Here’s a thought:
Internet and blogging make us dumb… and dumber. I have a past as a firm tech-skeptic, but got turned over after living in Tokyo. Technology and in particular Internet has transformed how humans interact and communicate. This year’s Nobel Prize winner in literature, Doris Lessing, is not impressed. She believes that it has stalled intelligent dialogue and debate. Commentator and author Andrew Keen has criticized the Web 2.0.-development and the “cult of the amateur”, including schmucks like me who blogs for nobody. Mrs. Lessing and Mr. Keen thinks the Internet has spawn a generation of semi-thinking individuals with superficial knowledge of their cultural inheritance.

If anyone cares… I agree and disagree.

Personally, reading books and immerse myself in meaningful intelligent pursuit of knowledge have been increasingly harder after the intertextual multimediality of the web with constant IM, mobile communications etc. On the other hand, it has given me the opportunity to access a global community of information and communication with people with shared interests and shared past through social networks such as Flickr and Facebook. It has given me the opportunity to build knowledge together with others through communities like Wikipedia, and as a teacher I have helped students find an enthusiasm for writing through blogging.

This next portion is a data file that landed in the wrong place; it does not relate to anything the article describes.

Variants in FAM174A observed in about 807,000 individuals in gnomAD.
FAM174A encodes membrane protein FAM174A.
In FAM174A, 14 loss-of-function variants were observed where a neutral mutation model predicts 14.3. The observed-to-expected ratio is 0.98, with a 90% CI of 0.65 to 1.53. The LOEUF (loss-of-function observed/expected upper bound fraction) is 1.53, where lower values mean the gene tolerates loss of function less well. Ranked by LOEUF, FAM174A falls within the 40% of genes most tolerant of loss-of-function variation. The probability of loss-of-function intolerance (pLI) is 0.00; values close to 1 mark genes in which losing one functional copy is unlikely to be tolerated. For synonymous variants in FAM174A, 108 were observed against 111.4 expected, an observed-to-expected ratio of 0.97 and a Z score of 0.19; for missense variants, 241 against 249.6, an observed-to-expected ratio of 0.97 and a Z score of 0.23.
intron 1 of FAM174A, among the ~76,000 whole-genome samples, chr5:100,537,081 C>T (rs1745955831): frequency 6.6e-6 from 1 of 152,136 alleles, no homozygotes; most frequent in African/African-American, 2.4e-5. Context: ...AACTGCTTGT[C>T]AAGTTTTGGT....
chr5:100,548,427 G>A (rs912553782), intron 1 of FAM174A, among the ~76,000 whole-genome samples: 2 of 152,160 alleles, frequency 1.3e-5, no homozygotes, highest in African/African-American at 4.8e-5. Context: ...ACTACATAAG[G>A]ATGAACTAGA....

There’s a lot of BS out here, and a lot of meaningless gibberish, but that’s nothing new in human activity. I’m an optimist, and I believe the likes of Mrs. Lessing and Mr. Keen tend to have valid points, but lack to see the full potential for meaningful discourse and communication through the advances of technology. A, to me, new magazine (printed and an innovative online edition) named Monocle is an example of this. Covering a vast area of topics ranging from politics and culture to architecture and design it has an interesting look at the near future. Have a look!

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